The Ydreniv Time

My Tilde Site setup (2023)

, by Ydreniv

I’ve finally finalized my Tilde Towm website setup. There’s nothing too fancy, but several bricks to assemble.

The core

The core of this setup is powered by Zola. This is a nice static site generator, which can be run with a single binary. Unlike others, like Jekyll, there is no need to manage a whole Ruby/Python/… environment. I have put a Zola binary in my Tilde home, to use whenever I feel the need.

While typing Zola commands may be okay the first few times, I soon decided to automate things a bit. I’ve settled on using a simple Makefile, as it is quite standard, and easy enough to use.

all: build

  yes | ~/zola build -o ~/public_html

It’s very simple, but means I only have to type make when compiling the website. And then, it means I can easily make things more complex.


As part of my efforts to integrate this site to the Indieweb, I wamsel so be able to send webmentions. I’ve settled on using Pushl. It’s a CLI tool which caches it’s previous mentions, meaning it won’t send the same twice. So I’ve added a pushl stage to my Makefile, which is required by the all stage:

  . /home/ydreniv/venv-pushl/bin/activate ; pushl -c pushl-cache/ ""

This is great, as it means webmentions will be sent automatically, without me having to do any cURL command manully. However, this accentuates an issue. How do I manage my test environment ?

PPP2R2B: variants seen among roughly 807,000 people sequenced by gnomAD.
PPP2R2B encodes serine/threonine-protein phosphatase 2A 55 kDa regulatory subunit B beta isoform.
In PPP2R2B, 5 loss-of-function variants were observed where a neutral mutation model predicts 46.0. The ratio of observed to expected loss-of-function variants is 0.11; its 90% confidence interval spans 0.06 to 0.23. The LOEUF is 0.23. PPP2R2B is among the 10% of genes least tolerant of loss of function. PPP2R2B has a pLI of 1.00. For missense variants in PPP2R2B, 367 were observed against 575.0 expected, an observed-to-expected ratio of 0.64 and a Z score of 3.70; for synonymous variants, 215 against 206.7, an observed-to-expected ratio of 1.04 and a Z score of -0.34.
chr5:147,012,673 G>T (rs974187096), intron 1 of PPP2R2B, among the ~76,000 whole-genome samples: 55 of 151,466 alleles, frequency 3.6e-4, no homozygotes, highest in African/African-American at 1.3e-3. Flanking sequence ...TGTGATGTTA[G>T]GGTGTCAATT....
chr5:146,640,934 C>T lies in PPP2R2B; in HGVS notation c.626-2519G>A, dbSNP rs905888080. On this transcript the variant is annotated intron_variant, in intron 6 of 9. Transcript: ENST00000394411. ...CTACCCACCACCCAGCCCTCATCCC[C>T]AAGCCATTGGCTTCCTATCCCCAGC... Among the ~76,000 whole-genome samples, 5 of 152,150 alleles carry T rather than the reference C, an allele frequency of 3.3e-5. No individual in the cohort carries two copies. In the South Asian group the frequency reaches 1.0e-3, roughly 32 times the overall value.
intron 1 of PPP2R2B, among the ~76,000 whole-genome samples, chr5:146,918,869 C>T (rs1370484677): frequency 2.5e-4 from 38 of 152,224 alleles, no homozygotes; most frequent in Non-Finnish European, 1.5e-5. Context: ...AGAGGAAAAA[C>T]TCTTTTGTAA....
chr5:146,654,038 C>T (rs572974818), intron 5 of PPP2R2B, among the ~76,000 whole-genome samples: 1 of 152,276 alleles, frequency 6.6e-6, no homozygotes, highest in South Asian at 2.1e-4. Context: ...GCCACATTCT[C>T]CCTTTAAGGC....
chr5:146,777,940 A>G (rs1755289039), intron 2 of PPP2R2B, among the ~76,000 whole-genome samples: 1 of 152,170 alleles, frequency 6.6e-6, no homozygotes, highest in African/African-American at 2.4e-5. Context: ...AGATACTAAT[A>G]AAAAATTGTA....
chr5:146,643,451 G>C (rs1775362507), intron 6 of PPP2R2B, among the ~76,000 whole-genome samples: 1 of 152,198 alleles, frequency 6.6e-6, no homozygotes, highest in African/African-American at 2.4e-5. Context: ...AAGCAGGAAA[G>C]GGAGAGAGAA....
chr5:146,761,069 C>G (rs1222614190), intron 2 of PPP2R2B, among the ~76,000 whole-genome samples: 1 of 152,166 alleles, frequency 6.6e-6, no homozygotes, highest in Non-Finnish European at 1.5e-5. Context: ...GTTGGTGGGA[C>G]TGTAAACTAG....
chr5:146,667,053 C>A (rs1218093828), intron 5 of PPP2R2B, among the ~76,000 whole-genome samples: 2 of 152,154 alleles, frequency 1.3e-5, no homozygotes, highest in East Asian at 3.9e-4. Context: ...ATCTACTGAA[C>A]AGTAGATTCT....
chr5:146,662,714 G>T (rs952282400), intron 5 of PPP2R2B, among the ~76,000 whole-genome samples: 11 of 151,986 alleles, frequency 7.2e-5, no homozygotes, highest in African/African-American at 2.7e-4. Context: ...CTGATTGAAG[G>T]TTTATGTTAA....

Test environment

At first, when I wanted to test something, I tested it live. It was okay. At most, one person would see a broken site, which would be fixed in the next minutes. Webmentions and feeds however make some things asynchronous. I could mess up a link, and ending up mentioning the wrong page. Or I could make a typo, build things, have the typo included in the feeds, and have a feed reader collect this feed before I fix it. While both are minor issues, it prompted me to setup a better developing environment.

At that point, I still didn’t have put anything on git. So I got a Gitea account, and git everything. This is not strictly needed, but it’s a great way to backup code or static site. This also means I’ll be able to see things like monthly changes.

Then, I created a webspace on my personal server, with sftp access. My workflow would be the following : I would build things on Tilde Town, send the output via sftp to my personal server. Then once I have checked that everything is fine, I would do the previous build+pushl to Tilde Town.

My current Makefile is the following :

all: build pushl

	yes | ~/zola build -o ~/public_html

	. /home/ydreniv/venv-pushl/bin/activate ; pushl -c pushl-cache/ ""

	yes | ~/zola build --base-url --drafts
	echo "put -r public/* www" > sftp-batch.txt
	sftp -b sftp-batch.txt
	rm sftp-batch.txt

It’s not perfect, and the path difference (~ydreniv vs ydreniv) means that some links are broken. Moreover, somehow the test server doesn’t display non-ascii characters well. And there’s the issue of the sftp transfer as well. It’s very slow, and probably not optimized. Yet it’s good enough for me. I’ll have to improve it further, but that’s enough for now.